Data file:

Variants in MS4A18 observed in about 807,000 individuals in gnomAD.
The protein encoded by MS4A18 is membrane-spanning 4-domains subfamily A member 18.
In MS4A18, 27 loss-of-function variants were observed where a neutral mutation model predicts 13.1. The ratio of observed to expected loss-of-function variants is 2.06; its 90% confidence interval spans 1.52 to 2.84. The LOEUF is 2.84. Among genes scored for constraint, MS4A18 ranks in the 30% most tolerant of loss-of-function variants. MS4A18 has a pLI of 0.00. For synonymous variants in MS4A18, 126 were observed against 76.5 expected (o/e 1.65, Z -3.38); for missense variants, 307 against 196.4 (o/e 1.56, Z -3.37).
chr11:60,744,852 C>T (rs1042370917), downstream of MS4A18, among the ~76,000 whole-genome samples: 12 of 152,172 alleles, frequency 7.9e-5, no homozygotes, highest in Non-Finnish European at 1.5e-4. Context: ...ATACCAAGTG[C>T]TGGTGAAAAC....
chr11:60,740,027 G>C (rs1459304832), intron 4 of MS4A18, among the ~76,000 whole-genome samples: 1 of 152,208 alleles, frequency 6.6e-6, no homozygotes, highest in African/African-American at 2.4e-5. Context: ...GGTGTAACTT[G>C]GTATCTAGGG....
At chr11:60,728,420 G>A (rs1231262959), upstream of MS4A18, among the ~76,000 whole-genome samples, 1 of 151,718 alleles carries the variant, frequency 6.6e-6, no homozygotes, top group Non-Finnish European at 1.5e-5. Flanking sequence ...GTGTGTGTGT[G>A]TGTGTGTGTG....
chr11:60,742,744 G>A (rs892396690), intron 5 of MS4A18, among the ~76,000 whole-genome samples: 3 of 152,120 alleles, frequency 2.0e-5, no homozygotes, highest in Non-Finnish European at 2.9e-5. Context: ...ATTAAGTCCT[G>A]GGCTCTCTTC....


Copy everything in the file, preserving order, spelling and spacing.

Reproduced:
Variants in MS4A18 observed in about 807,000 individuals in gnomAD.
The protein encoded by MS4A18 is membrane-spanning 4-domains subfamily A member 18.
In MS4A18, 27 loss-of-function variants were observed where a neutral mutation model predicts 13.1. The ratio of observed to expected loss-of-function variants is 2.06; its 90% confidence interval spans 1.52 to 2.84. The LOEUF is 2.84. Among genes scored for constraint, MS4A18 ranks in the 30% most tolerant of loss-of-function variants. MS4A18 has a pLI of 0.00. For synonymous variants in MS4A18, 126 were observed against 76.5 expected (o/e 1.65, Z -3.38); for missense variants, 307 against 196.4 (o/e 1.56, Z -3.37).
chr11:60,744,852 C>T (rs1042370917), downstream of MS4A18, among the ~76,000 whole-genome samples: 12 of 152,172 alleles, frequency 7.9e-5, no homozygotes, highest in Non-Finnish European at 1.5e-4. Context: ...ATACCAAGTG[C>T]TGGTGAAAAC....
chr11:60,740,027 G>C (rs1459304832), intron 4 of MS4A18, among the ~76,000 whole-genome samples: 1 of 152,208 alleles, frequency 6.6e-6, no homozygotes, highest in African/African-American at 2.4e-5. Context: ...GGTGTAACTT[G>C]GTATCTAGGG....
At chr11:60,728,420 G>A (rs1231262959), upstream of MS4A18, among the ~76,000 whole-genome samples, 1 of 151,718 alleles carries the variant, frequency 6.6e-6, no homozygotes, top group Non-Finnish European at 1.5e-5. Flanking sequence ...GTGTGTGTGT[G>A]TGTGTGTGTG....
chr11:60,742,744 G>A (rs892396690), intron 5 of MS4A18, among the ~76,000 whole-genome samples: 3 of 152,120 alleles, frequency 2.0e-5, no homozygotes, highest in Non-Finnish European at 2.9e-5. Context: ...ATTAAGTCCT[G>A]GGCTCTCTTC....